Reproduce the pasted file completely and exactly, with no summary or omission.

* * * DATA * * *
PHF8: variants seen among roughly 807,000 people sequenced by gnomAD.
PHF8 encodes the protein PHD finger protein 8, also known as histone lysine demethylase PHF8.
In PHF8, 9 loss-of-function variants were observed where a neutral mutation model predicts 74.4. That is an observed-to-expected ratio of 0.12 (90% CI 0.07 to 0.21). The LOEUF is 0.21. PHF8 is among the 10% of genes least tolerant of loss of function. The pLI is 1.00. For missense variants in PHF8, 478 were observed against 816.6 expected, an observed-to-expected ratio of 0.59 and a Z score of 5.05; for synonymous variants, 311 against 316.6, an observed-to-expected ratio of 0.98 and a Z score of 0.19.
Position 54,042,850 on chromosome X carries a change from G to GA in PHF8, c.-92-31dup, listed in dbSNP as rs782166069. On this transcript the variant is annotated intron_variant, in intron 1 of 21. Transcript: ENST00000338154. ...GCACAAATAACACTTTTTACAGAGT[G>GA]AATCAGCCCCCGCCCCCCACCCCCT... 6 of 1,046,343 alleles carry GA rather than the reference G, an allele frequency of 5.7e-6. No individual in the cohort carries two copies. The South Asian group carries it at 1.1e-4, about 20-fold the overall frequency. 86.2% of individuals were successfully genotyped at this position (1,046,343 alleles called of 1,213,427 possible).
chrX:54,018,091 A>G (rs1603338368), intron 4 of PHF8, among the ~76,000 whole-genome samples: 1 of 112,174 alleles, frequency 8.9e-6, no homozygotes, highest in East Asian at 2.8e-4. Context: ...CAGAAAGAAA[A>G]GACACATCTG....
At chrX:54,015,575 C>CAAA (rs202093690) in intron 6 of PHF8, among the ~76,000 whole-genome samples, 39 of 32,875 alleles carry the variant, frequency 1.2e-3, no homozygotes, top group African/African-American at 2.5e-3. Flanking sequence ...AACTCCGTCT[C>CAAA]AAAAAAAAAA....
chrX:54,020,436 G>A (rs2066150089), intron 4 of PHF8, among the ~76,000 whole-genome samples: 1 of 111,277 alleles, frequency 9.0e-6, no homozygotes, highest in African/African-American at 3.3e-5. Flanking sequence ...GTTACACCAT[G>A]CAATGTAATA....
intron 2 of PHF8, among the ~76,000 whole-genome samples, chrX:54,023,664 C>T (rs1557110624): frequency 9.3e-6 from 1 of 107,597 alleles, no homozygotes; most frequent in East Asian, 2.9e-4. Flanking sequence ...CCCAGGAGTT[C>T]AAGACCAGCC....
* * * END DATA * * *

PHF8: variants seen among roughly 807,000 people sequenced by gnomAD.
PHF8 encodes the protein PHD finger protein 8, also known as histone lysine demethylase PHF8.
In PHF8, 9 loss-of-function variants were observed where a neutral mutation model predicts 74.4. That is an observed-to-expected ratio of 0.12 (90% CI 0.07 to 0.21). The LOEUF is 0.21. PHF8 is among the 10% of genes least tolerant of loss of function. The pLI is 1.00. For missense variants in PHF8, 478 were observed against 816.6 expected, an observed-to-expected ratio of 0.59 and a Z score of 5.05; for synonymous variants, 311 against 316.6, an observed-to-expected ratio of 0.98 and a Z score of 0.19.
Position 54,042,850 on chromosome X carries a change from G to GA in PHF8, c.-92-31dup, listed in dbSNP as rs782166069. On this transcript the variant is annotated intron_variant, in intron 1 of 21. Transcript: ENST00000338154. ...GCACAAATAACACTTTTTACAGAGT[G>GA]AATCAGCCCCCGCCCCCCACCCCCT... 6 of 1,046,343 alleles carry GA rather than the reference G, an allele frequency of 5.7e-6. No individual in the cohort carries two copies. The South Asian group carries it at 1.1e-4, about 20-fold the overall frequency. 86.2% of individuals were successfully genotyped at this position (1,046,343 alleles called of 1,213,427 possible).
chrX:54,018,091 A>G (rs1603338368), intron 4 of PHF8, among the ~76,000 whole-genome samples: 1 of 112,174 alleles, frequency 8.9e-6, no homozygotes, highest in East Asian at 2.8e-4. Context: ...CAGAAAGAAA[A>G]GACACATCTG....
At chrX:54,015,575 C>CAAA (rs202093690) in intron 6 of PHF8, among the ~76,000 whole-genome samples, 39 of 32,875 alleles carry the variant, frequency 1.2e-3, no homozygotes, top group African/African-American at 2.5e-3. Flanking sequence ...AACTCCGTCT[C>CAAA]AAAAAAAAAA....
chrX:54,020,436 G>A (rs2066150089), intron 4 of PHF8, among the ~76,000 whole-genome samples: 1 of 111,277 alleles, frequency 9.0e-6, no homozygotes, highest in African/African-American at 3.3e-5. Flanking sequence ...GTTACACCAT[G>A]CAATGTAATA....
intron 2 of PHF8, among the ~76,000 whole-genome samples, chrX:54,023,664 C>T (rs1557110624): frequency 9.3e-6 from 1 of 107,597 alleles, no homozygotes; most frequent in East Asian, 2.9e-4. Flanking sequence ...CCCAGGAGTT[C>T]AAGACCAGCC....